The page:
Literature / The Stolen Throne

http://static.tvtropes.org/pmwiki/pub/images/da_stolen_throne.jpg
Dragon Age: The Stolen Throne is a prequel novel to the BioWare RPG Dragon Age: Origins written by its lead writer, David Gaider. The chronologically earliest installment of the Dragon Age franchise, it follows the Fereldan king Maric Theirin, as he rises from awkward and foolish boy to the deserved and rightful king of Ferelden.

However, that throne is occupied by King Meghren, the usurper. He is the cousin of the Orlesian emperor, and rumored to have also been his lover, exiled from Orlais for his antics. His servant and advisor, the mage Severus, hires an elven Bard (assassin and spy) named Katriel to seduce and betray Maric, but she begins to develop feelings for the rebel leader.

Also prominent is Loghain Mac Tir, one of the main villains of Origins. As Maric's best friend and most trusted subordinate, he finds himself torn between that loyalty and the love for Rowan, Maric's betrothed since birth.

Tropes in this novel are:

  • Action Girl: Both Rowan and Katriel can really kick some ass. Also some of the minor characters in the Rebel Army, like Rowan's lieutenant Branwen.
  • Action Mom: Queen Moira, Maric's mother, is practically the poster woman for this trope. She's an unparalleled badass both on the field and in leading her troops. Maric's biggest struggle is living up to the image of his beloved mother as a proven warrior and leader.
  • Artifact Title: A Dragon Age novel that takes place in the previous era, the Blessed Age, although the Dragon Age begins just at the end of the book, before the Battle of the River Dane.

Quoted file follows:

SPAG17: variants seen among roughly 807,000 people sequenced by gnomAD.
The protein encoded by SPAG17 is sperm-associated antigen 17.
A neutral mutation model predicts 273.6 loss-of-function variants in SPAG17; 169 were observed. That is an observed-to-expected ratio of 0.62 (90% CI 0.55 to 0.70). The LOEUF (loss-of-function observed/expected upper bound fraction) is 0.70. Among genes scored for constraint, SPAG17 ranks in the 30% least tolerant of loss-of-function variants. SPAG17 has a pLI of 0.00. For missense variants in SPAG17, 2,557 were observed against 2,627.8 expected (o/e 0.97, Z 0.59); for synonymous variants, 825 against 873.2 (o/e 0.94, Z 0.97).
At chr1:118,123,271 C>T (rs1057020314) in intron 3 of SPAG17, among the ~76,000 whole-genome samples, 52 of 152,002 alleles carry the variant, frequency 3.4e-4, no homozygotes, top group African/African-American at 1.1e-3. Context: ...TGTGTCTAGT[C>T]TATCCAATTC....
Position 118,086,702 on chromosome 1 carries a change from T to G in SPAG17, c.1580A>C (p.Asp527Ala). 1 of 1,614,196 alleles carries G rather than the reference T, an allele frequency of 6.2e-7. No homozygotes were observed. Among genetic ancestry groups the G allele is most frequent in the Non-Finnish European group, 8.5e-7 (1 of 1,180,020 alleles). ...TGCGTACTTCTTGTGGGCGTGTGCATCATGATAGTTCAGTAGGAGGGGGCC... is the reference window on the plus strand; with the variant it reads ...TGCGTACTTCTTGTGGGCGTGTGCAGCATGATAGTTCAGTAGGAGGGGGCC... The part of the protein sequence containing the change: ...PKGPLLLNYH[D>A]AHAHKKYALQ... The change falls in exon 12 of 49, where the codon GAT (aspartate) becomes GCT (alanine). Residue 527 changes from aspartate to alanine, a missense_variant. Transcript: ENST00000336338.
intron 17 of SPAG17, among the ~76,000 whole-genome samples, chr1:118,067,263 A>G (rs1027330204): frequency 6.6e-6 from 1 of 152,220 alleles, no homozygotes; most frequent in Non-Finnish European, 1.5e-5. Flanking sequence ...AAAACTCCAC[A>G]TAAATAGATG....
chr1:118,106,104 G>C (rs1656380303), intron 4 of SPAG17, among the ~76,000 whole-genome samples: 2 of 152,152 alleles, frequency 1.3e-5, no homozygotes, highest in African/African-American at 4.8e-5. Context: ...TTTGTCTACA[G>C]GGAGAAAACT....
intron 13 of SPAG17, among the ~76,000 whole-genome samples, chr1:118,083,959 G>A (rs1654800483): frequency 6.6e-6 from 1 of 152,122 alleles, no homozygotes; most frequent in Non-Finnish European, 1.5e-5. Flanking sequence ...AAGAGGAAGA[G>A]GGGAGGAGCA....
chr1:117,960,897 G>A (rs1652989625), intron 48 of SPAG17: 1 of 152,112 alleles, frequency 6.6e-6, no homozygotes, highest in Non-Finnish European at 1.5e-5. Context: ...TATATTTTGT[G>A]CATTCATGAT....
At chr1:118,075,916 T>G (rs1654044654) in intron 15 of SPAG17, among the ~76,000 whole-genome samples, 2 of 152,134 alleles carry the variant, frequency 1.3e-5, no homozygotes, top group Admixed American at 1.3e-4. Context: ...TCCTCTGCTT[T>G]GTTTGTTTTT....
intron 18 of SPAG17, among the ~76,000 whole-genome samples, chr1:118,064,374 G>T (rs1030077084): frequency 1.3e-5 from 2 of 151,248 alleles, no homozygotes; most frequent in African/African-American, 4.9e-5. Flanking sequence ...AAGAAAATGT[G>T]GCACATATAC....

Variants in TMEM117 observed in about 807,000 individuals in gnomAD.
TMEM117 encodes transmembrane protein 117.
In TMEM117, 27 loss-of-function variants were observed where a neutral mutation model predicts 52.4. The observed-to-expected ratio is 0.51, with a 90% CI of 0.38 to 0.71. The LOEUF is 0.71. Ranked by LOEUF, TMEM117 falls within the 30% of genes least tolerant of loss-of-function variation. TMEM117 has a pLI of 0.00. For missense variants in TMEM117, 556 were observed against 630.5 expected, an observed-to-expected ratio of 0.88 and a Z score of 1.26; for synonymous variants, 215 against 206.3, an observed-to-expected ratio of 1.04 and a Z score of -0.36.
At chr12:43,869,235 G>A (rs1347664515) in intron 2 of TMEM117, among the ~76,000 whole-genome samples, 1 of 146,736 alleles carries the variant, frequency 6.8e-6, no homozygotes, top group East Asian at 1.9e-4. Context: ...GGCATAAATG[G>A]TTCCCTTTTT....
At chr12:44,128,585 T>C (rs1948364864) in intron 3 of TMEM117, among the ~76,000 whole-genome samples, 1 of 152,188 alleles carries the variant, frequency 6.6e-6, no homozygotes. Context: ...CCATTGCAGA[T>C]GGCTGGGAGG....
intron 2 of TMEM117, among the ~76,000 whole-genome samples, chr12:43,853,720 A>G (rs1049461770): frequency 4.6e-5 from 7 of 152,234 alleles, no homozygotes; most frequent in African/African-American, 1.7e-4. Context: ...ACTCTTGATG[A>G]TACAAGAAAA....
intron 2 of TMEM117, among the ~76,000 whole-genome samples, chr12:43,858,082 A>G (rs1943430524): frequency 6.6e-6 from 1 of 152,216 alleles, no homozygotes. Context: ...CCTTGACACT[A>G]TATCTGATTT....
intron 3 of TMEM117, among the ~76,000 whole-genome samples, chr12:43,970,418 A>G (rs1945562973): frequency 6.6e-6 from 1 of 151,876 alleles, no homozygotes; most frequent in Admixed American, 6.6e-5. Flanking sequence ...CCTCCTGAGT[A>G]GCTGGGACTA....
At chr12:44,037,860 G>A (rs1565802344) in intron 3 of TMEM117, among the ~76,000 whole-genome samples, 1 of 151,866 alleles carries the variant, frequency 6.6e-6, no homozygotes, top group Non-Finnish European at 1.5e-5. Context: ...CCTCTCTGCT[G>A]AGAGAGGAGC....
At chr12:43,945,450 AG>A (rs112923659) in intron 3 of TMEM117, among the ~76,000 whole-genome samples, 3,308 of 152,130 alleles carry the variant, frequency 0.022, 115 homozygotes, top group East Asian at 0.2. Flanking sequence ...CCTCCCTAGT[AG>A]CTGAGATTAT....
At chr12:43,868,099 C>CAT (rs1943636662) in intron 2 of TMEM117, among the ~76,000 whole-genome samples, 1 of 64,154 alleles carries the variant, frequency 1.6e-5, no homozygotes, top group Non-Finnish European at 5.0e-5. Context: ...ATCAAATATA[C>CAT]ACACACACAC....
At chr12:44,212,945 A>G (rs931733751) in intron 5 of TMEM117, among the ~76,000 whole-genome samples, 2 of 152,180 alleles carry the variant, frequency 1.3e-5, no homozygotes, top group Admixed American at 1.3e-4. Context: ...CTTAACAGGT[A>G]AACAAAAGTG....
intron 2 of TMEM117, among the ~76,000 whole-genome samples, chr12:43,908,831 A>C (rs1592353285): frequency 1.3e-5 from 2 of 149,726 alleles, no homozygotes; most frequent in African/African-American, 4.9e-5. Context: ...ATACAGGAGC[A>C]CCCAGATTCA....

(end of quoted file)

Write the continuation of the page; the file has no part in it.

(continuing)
• Arranged Marriage: Maric and Rowan.
  • A True Story In My Universe: The epilogue shows that the novel is actually Prince Cailan's history lesson.
  • Back for the Finale: Mother Ailis shows up in the epilogue, having been absent since chapter 4.
  • Badass Army: Nalthur and the Legion of the Dead. Half of the Orlesian army sent to retake Gwaren after the victory at West Hill are killed by the dwarves alone.
  • Batman Gambit: By Severan. It doesn't end so well for him.
    • Maric fully expected that his mother's killers would tell the rest of the Bannorn they had been invited to a meeting with him, so that when word of their deaths got out, the rest of the nobility would know not to cross him in the future.
  • Betty and Veronica: Rowan and Katriel.
  • Bittersweet Ending: Maric becomes king and the Orlesians are expelled, but Rowan and Katriel die. Loghain has to give up his love for the good of his nation, and Maric kills his own.
  • The Caligula: Meghren is absolutely out of his mind, concerned only with complaining, debauchery, and brutalizing the palace staff.
  • Cool Sword: Maric finds one in the Deep Roads. A runed dragonbone longsword.
  • The Corruption: The darkspawn taint everything.
  • Desecrating the Dead: Prince Maric puts the puppet king Meghren's head on a spike in front of Fort Drakon in retaliation for Meghren doing the same to Maric's mother Moira the Rebel Queen a few years before that.
  • Deuteragonist: Loghain and Rowan.
  • Didn't Think This Through: Against the warnings of his advisors, Meghren orders mass executions of anyone suspected of sympathising with the rebels to discourage people from siding with Maric after West Hill. This backfires spectacularly: instead of suppressing further revolts, such brutality only encourages further rebellion from the populace, and drives most of Meghren's grudging supporters amongst the nobility and the Chantry to side with Maric.
  • Doomed by Canon: To fans who played the game first, many characters are this.
  • The Dragon: Severan, King Megren's court magician.
  • Femme Fatale: Katriel.
  • Foreshadowing: Flemeth gives Maric a cryptic warning about Loghain: "Keep him close and he will betray you, each time worse than the last". Flemeth could mean any number of things both in the novel and the continuity; potentially referring to Loghain's eventual affair with Rowan, the fact he will ultimately lie to Maric to induce him to kill Katriel, or ultimately betraying everything he and Maric fought for by leaving Cailan to his death and becoming as great, if not even worse a tyrant than Meghren during the Blight.